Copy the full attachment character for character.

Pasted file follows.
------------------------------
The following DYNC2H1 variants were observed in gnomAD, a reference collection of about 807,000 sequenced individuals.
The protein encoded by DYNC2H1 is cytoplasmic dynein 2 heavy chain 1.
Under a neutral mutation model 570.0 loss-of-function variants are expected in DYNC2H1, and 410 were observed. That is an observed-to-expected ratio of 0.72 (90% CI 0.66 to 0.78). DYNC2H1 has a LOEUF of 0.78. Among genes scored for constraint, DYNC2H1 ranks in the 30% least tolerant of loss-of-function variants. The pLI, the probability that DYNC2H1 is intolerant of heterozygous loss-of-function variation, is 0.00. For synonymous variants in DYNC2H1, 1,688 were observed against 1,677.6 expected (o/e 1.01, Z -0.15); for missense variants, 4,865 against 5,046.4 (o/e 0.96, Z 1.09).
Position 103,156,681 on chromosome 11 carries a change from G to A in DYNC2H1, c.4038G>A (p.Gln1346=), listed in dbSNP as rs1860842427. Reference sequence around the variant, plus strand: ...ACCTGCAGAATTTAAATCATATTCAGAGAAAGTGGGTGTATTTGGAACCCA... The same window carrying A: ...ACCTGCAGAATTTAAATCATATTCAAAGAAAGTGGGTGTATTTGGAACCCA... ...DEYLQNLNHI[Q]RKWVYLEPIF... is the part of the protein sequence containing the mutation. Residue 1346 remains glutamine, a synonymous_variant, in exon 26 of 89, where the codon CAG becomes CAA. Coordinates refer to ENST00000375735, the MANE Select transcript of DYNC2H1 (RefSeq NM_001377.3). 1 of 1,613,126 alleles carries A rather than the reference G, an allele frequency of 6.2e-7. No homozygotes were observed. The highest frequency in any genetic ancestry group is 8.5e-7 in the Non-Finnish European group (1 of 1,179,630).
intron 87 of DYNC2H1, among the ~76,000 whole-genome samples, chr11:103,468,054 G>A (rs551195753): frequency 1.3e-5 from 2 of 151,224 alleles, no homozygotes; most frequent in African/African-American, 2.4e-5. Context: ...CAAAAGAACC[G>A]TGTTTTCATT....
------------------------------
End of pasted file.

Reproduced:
The following DYNC2H1 variants were observed in gnomAD, a reference collection of about 807,000 sequenced individuals.
The protein encoded by DYNC2H1 is cytoplasmic dynein 2 heavy chain 1.
Under a neutral mutation model 570.0 loss-of-function variants are expected in DYNC2H1, and 410 were observed. That is an observed-to-expected ratio of 0.72 (90% CI 0.66 to 0.78). DYNC2H1 has a LOEUF of 0.78. Among genes scored for constraint, DYNC2H1 ranks in the 30% least tolerant of loss-of-function variants. The pLI, the probability that DYNC2H1 is intolerant of heterozygous loss-of-function variation, is 0.00. For synonymous variants in DYNC2H1, 1,688 were observed against 1,677.6 expected (o/e 1.01, Z -0.15); for missense variants, 4,865 against 5,046.4 (o/e 0.96, Z 1.09).
Position 103,156,681 on chromosome 11 carries a change from G to A in DYNC2H1, c.4038G>A (p.Gln1346=), listed in dbSNP as rs1860842427. Reference sequence around the variant, plus strand: ...ACCTGCAGAATTTAAATCATATTCAGAGAAAGTGGGTGTATTTGGAACCCA... The same window carrying A: ...ACCTGCAGAATTTAAATCATATTCAAAGAAAGTGGGTGTATTTGGAACCCA... ...DEYLQNLNHI[Q]RKWVYLEPIF... is the part of the protein sequence containing the mutation. Residue 1346 remains glutamine, a synonymous_variant, in exon 26 of 89, where the codon CAG becomes CAA. Coordinates refer to ENST00000375735, the MANE Select transcript of DYNC2H1 (RefSeq NM_001377.3). 1 of 1,613,126 alleles carries A rather than the reference G, an allele frequency of 6.2e-7. No homozygotes were observed. The highest frequency in any genetic ancestry group is 8.5e-7 in the Non-Finnish European group (1 of 1,179,630).
intron 87 of DYNC2H1, among the ~76,000 whole-genome samples, chr11:103,468,054 G>A (rs551195753): frequency 1.3e-5 from 2 of 151,224 alleles, no homozygotes; most frequent in African/African-American, 2.4e-5. Context: ...CAAAAGAACC[G>A]TGTTTTCATT....